In his book Creative Selection, which I recommend very highly, Ken Kocienda talks about the importance of having software that takes heuristics into account. Much of computer software is algorithmically deduced. But not everything can be initially derived from algorithms. Some things require experimentation, trial and error, heuristic. Some of Ken’s examples:
- Determining the proper size of icons on the iOS home screen so that they’re consistently tappable.
- Determining how deep “pinch to zoom” should take you when looking at a photo.
- Skewing the touch event to be higher than your touch’s placement so you feel like the tip of your finger is what interacted with the screen.
The only way to really get to these decisions is by heuristically using the software and finding what works best, and then extracting an algorithm from your findings. In addition to this, Ken said, “Sometimes we used heuristics to temper algorithms.” As an example, he talked about how they tweaked the auto-correction algorithm on the iOS keyboard to accommodate human behaviors and real-life situations that they hadn’t previously considered.
In contrast to this approach, we gaze upon the newly designed Pearsonified.com website, which continues to make heavy use of the Golden Ratio Typography Calculator and not much else. Chris has said, “I use math—not whimsy—to inform my designs."1 But whimsy is just a despondent term for heuristic. What Chris is really saying here is this: “I have little patience for heuristic when determining web design.” The Golden Ratio Typography Calculator has always bothered me, frankly, because it tries to remove this essential heuristic ingredient from the equation.2 It blames anyone who comes up with their own typography numbers as “whimsical.”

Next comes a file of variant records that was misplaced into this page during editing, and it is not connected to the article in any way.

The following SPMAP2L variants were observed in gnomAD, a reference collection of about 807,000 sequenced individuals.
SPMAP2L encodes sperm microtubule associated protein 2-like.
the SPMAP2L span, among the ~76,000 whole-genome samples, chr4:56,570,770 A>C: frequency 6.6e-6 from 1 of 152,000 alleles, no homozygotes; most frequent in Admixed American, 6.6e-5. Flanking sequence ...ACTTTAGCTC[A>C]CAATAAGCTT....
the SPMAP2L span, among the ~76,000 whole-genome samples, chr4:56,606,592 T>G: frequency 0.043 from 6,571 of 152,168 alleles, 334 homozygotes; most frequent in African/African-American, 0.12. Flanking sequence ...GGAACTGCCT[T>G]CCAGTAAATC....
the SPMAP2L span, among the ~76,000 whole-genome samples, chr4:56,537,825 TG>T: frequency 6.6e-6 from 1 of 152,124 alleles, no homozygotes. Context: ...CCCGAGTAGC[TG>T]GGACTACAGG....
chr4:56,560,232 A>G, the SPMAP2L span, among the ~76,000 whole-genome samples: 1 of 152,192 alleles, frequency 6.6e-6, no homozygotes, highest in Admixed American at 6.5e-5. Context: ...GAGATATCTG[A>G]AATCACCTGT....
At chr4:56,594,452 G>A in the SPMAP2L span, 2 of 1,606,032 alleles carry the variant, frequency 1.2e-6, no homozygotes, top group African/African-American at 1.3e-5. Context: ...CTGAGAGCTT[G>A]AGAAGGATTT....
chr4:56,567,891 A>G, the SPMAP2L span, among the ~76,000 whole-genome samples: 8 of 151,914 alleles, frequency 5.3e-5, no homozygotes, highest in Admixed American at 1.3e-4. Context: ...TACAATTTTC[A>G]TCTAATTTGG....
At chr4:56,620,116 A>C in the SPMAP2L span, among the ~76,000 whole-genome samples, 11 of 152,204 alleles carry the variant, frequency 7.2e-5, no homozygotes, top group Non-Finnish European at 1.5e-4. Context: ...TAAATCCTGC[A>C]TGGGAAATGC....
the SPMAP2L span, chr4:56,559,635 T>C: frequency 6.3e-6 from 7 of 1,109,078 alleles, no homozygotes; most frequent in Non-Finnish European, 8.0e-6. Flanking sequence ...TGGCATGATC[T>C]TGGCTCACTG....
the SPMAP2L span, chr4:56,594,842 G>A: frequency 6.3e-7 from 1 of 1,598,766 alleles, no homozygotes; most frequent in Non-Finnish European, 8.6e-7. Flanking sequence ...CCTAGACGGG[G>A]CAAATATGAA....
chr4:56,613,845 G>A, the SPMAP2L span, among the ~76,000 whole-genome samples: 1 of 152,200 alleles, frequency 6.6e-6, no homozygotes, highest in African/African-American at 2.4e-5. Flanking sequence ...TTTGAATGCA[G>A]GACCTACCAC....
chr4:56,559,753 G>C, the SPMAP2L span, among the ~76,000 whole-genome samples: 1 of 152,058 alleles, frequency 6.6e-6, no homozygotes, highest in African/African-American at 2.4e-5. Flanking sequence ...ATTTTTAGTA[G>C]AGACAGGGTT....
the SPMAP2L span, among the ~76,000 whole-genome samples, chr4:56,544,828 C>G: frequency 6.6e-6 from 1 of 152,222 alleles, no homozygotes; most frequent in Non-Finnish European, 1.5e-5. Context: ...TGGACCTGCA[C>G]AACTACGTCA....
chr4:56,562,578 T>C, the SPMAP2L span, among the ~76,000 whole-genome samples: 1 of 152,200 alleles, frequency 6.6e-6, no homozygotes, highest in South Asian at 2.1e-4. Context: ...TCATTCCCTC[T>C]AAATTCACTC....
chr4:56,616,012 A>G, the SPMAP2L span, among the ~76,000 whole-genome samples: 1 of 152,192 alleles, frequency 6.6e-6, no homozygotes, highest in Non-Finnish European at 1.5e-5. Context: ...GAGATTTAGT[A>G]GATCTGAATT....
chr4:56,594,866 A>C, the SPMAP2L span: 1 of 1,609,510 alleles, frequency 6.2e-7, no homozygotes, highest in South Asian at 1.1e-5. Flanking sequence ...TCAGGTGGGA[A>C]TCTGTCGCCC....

I’m glad the iPhone wasn’t designed with this dogma. Life’s too short to use software that was built purely by heuristic-barren algorithms. Long live informed whimsy and the liberal arts.
As of about a week ago, this oft-seen maxim at the old site is now only viewable at web.archive.org. Its underpinning ideology is still alive and well at the new site, however. ↩︎
While I’m slaying sacred cows, I’ll go on the record for saying that the results don’t even look that good. The line height is invariably too much. ↩︎